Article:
“The fact that he doesn’t like what the Constitution provides is irrelevant,” Bender said. “He would be the first to tell you that liberals who don’t like the Constitution’s language need to get it amended if they want to change it, not rely on an ‘activist’ interpretation.”
What Pearce has on his side, however, is momentum from the successful passage of S1070, polls indicating majority support for the law and a frustration by the public at federal government inaction.
Pearce sees his proposals as the logical next step in a battle to reduce government spending on programs that benefit illegal immigrants and enforce laws that protect the sovereignty of the U.S.
“I no longer can stand by, you know, and watch the destruction of this country,” Pearce said. “I mean, have we not listed all the folks… who have been killed and maimed? Have we not seen the data about the cost to the taxpayers?”
Pearce’s allies said they welcome any efforts to end birth-right citizenship because the policy has been abused by people who enter the U.S. illegally.
“He’s not going after the children. You know, the absence of a benefit is not the same thing as a punishment,” FAIR spokesperson Ira Mehlman said. “I would say that he is systematically going after all the incentives to come to the United States illegally.”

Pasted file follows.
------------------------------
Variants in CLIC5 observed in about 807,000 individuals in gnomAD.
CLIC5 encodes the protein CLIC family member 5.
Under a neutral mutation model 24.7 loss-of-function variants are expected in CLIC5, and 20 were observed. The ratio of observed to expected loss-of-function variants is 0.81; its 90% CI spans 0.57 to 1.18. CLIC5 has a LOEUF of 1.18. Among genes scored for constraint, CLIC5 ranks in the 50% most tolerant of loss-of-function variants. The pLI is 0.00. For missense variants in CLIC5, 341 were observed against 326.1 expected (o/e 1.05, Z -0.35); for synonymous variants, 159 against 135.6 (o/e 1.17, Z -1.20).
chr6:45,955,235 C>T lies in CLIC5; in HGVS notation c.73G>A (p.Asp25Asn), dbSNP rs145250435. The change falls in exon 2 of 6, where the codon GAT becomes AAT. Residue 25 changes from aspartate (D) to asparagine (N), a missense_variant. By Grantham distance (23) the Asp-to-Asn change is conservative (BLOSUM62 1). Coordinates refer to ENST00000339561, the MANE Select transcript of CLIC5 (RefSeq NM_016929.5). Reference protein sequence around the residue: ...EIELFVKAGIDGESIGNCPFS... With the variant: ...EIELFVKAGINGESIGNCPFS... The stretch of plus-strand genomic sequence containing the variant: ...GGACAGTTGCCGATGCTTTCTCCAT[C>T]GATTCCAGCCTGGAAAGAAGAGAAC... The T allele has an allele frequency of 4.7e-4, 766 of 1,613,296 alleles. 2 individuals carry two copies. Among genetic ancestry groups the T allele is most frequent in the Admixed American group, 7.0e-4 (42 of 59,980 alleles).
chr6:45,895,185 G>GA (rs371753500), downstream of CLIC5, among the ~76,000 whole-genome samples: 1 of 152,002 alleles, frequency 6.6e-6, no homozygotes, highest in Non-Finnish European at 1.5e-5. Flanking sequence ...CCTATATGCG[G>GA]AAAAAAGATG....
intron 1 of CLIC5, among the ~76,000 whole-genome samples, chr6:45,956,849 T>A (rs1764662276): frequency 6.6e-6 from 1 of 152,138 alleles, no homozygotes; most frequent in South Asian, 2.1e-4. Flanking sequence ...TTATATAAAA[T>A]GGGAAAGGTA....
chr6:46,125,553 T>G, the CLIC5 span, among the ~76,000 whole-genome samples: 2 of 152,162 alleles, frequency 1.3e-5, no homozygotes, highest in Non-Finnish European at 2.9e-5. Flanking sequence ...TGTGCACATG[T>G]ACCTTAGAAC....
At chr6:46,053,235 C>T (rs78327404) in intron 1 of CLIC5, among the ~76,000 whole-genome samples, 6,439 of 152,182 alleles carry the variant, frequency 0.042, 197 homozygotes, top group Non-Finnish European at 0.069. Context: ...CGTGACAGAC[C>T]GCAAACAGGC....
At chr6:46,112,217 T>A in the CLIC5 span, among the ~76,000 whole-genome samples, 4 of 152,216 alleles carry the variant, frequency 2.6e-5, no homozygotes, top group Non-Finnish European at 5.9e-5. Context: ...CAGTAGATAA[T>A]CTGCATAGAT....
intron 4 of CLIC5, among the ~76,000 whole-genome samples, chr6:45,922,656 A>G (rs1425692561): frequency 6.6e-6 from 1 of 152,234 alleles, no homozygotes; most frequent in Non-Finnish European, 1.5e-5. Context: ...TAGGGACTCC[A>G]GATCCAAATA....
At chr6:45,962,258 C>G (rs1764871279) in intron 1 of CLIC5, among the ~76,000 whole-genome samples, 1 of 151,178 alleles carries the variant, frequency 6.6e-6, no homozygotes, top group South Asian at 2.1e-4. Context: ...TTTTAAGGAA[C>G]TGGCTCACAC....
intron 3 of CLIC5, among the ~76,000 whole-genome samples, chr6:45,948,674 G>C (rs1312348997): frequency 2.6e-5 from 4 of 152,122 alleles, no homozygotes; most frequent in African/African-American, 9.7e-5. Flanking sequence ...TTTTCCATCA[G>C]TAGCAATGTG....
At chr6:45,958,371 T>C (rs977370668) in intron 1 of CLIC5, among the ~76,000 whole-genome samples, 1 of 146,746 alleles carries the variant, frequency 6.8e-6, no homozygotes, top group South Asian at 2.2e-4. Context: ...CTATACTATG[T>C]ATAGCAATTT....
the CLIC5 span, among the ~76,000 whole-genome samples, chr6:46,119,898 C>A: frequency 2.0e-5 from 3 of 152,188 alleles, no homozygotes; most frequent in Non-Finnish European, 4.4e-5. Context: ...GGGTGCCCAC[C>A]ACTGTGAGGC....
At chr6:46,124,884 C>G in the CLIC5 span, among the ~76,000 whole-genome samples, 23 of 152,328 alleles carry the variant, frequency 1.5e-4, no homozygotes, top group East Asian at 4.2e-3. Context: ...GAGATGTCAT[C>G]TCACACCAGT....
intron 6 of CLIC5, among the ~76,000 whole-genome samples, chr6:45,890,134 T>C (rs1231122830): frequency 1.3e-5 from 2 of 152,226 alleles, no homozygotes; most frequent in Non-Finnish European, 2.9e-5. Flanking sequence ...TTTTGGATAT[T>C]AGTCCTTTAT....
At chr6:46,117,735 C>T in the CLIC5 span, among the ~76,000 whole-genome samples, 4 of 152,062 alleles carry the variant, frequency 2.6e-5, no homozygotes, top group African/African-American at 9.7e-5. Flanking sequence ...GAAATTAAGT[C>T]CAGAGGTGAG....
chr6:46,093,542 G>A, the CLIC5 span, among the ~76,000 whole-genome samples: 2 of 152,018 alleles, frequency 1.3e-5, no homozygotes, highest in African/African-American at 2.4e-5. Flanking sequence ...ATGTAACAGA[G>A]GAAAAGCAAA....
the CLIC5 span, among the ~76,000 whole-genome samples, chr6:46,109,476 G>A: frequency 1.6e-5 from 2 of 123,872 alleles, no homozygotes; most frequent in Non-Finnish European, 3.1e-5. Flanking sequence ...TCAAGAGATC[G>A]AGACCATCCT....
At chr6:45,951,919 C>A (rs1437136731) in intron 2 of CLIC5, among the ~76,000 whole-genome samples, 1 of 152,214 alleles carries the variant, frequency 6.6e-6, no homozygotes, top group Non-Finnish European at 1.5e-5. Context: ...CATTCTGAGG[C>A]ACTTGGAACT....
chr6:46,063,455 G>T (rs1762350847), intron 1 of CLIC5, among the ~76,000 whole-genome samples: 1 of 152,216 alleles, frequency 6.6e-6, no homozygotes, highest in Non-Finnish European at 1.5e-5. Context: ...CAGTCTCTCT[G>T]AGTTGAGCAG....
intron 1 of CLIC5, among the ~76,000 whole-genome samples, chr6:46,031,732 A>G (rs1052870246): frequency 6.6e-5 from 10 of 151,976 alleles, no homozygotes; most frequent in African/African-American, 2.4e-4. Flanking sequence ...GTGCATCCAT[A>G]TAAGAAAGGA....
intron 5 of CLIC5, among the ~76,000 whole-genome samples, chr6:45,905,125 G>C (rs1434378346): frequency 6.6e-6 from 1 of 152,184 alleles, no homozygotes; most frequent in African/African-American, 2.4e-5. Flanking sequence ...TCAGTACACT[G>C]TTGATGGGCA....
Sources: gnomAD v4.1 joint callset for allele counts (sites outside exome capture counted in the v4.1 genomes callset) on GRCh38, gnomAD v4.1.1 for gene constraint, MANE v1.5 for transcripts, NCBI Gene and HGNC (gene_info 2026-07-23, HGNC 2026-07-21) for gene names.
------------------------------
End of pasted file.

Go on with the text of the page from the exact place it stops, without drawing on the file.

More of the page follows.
Pearce’s ability to turn his ideas into state law would depend on many factors, including the results of the November election and the composition of next year’s Legislature. This year, Republicans control both chambers of the Arizona Legislature.
The dynamic of the next Legislature will depend on those in leadership positions. Pearce has indicated he will campaign to become the next Senate president if re-elected this fall, which would give him more clout to influence the legislative agenda and to make sure his measures advance.
Pearce’s ideas, if drafted as bills, would ensure Arizona’s continued place at the forefront of the immigration battle, prodding, cajoling and even threatening the federal government to do something about the complex problem of illegal immigration.
But while most Arizonans have supported state laws to crack down on illegal immigration in the absence of federal immigration reform, some lawmakers said Pearce’s new ideas go too far and may turn public opinion against him.
“At some point, the public is going to stop supporting this — they’re going to say enough is enough,” Democratic Sen. Paula Aboud said. “I think after a while Arizonans are going to get tired being the brunt of all the jokes, especially when legislation like this does not stop illegal immigration.”
14th Amendment of the U.S. Constitution
“All persons born or naturalized in the United States and subject to the jurisdiction thereof, are citizens of the United States and of the State wherein they reside. No State shall make or enforce any law which shall abridge the privileges or immunities of citizens of the United States; nor shall any State deprive any person of life, liberty, or property, without due process of law; nor deny to any person within its jurisdiction the equal protection of the laws.”